Why a garland of roses?

Garland in freezer at Kentucky Derby Museum

Garland in freezer at Kentucky Derby Museum

The Kentucky Derby is also known as the Run for the Roses. New York sports columnist Bill Corum, who in 1949 became President of Churchill Downs, coined the phrase “Run for the Roses”. Corum also was the commentator for radio for the Kentucky Derby for many years.

Roses for the Kentucky Derby winner actually started long before anyone heard of the Run for the Roses. The rose garland for the Kentucky Derby winner first appeared in 1896 when Ben Brush was given a floral arrangement of white and pink roses for winning. Then in 1904, the red rose became the official flower of the Kentucky Derby. The current form of the garland was first introduced in 1932 for the 58th running won by Burgoo King.

Kingsley Walker Florist shop crafted the Derby garland for more than 50 years, starting in 1932. Betty J. Korfhage who passed away in 2002 was a fourth generation owner of the shop. Daily Racing Form columnist Oscar Otis was one of the first people to write about the garland makers back in the 1940’s. He said he found 2 ladies stitching in roses and that they worked for a full 24 hours before the race to have the garland ready.

Kroger started making the garland of roses in 1987. The red Freedom rose is the variety used for the Garland of Roses. There are 426 roses in the actual blanket with 12 in each of the fronds on the side. The crown in the center contains a rose for each horse that is running in the race.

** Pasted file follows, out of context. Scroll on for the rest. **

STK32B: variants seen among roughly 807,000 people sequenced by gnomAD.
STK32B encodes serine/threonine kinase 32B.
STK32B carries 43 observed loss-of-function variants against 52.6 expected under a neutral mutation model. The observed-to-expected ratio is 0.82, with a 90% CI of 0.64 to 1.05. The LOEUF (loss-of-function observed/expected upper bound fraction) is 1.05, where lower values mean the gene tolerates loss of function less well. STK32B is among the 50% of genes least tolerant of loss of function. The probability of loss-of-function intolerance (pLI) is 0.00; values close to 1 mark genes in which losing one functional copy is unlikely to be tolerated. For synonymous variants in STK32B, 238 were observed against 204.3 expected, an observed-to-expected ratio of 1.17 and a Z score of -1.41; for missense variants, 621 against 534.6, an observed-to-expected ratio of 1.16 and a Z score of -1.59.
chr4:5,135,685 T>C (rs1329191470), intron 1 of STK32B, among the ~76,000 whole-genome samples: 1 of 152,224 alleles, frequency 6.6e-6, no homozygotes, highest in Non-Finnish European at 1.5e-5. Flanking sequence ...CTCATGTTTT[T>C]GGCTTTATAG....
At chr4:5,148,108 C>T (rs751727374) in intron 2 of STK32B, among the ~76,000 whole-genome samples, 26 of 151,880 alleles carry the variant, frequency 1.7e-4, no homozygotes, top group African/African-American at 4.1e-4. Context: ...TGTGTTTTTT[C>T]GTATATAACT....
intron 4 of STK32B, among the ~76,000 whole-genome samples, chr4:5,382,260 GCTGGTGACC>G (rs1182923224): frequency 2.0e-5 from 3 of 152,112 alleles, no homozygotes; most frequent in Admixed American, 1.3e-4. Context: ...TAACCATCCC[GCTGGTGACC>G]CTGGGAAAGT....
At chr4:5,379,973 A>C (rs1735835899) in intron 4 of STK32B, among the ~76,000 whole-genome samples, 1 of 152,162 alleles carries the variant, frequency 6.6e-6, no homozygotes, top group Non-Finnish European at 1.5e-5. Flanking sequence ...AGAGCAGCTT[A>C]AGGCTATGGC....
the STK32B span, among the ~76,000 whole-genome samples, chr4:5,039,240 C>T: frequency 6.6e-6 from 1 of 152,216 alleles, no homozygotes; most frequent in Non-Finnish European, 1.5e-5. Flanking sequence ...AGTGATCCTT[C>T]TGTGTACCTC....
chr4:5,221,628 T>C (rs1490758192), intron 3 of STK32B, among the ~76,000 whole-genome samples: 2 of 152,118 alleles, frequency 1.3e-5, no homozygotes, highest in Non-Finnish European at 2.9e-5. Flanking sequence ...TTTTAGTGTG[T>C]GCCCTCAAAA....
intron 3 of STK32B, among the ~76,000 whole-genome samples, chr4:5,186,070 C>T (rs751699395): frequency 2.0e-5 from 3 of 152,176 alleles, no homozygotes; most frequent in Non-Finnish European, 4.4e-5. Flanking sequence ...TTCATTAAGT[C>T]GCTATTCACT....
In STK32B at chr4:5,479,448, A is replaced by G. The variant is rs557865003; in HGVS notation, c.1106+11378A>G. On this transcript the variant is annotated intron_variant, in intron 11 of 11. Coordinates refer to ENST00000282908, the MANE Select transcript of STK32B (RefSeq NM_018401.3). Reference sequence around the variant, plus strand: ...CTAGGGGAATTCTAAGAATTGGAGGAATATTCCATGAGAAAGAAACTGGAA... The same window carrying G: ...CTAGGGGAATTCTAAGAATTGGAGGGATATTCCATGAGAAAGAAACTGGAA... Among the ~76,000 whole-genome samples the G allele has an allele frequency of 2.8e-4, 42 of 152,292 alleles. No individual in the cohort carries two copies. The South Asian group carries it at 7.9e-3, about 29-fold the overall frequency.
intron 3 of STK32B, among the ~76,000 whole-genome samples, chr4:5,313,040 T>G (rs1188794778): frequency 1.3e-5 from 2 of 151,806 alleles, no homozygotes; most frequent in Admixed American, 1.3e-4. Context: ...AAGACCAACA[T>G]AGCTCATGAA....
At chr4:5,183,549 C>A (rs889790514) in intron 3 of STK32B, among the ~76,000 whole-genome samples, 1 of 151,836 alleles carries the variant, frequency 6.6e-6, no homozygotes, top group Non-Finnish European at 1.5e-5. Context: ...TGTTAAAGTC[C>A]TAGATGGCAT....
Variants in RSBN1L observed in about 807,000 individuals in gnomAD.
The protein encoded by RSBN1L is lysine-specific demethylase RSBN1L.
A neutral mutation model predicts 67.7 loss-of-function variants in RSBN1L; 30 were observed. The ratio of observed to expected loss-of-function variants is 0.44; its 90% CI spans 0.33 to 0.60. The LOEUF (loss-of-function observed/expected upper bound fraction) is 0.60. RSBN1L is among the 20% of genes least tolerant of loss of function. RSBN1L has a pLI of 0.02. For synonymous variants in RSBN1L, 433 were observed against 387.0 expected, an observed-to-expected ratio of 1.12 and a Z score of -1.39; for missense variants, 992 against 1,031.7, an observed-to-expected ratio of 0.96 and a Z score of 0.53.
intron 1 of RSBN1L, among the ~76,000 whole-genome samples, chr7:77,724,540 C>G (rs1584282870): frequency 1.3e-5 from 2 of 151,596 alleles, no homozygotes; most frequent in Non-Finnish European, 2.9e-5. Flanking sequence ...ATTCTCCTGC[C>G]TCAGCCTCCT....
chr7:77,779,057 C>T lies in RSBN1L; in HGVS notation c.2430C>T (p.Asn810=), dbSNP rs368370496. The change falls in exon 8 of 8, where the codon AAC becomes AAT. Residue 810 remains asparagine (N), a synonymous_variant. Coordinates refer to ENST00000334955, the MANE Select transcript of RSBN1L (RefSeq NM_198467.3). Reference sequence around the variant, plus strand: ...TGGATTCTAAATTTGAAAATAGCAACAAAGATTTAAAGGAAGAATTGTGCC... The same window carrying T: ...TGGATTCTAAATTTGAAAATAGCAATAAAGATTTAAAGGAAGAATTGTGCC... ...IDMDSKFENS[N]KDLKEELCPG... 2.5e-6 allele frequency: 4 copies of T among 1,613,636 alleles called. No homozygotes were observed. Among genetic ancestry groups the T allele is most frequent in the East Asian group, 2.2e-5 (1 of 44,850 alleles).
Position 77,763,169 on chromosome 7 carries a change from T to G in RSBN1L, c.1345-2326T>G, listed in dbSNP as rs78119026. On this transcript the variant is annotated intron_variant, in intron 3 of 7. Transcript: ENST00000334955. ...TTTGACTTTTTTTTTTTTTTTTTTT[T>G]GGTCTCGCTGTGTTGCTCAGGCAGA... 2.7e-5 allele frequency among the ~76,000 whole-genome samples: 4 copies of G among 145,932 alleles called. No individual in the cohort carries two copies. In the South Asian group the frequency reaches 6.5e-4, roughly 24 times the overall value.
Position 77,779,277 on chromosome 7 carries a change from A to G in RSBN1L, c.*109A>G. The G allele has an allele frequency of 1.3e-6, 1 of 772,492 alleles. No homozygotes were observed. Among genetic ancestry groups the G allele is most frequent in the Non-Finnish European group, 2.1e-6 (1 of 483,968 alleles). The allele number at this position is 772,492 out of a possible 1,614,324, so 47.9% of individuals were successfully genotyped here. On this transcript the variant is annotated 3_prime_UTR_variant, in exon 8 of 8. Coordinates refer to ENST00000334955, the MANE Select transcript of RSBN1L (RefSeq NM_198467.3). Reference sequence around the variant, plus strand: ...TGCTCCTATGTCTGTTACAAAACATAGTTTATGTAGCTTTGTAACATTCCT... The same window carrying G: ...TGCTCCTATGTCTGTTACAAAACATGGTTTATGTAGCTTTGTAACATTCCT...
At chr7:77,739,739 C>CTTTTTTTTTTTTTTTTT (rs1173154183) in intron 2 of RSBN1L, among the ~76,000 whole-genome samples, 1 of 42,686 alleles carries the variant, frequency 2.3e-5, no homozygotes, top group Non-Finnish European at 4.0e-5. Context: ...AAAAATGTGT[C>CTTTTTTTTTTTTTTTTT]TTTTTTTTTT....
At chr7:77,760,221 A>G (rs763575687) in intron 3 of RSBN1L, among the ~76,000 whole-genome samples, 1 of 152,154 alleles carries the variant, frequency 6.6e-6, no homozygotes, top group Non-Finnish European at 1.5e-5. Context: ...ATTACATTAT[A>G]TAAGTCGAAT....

Each rose is inserted into the blanket and has its own water vial hidden inside the lining. The Garland of Roses is 2.5 yards long, 14 inches wide and usually weighs about 40 pounds.

The winning jockey is presented with the Jockey’s Bouquet, made of 60 matching long-stem roses wrapped with 10 yards of ribbon.

About 70 people work on the garlands from beginning to end. They start working on the fabric backgrounds in February, but most of the work is done on Derby week.

Floral designers also decorate the great urns in the Winner’s Circle at Churchill Downs.

Kroger now constructs the prestigious garland of roses in one of its local stores for the public to view on Derby Eve.

On the Sunday after the Derby in 2009, the trainer and owners of Derby winner Mine That Bird brought their garland of roses to the front of the Kentucky Derby Museum. They placed the garland on the statue of 2006 Derby winner Barbaro and passed out the roses to all those that came by.

California Chrome’s assistant trainer Alan Sherman brought the Garland of Roses to the Kentucky Derby Museum on the Monday after California Chrome’s 2014 Kentucky Derby win. They put the garland on a long table and surprised people who came to the Museum with a rose from the garland.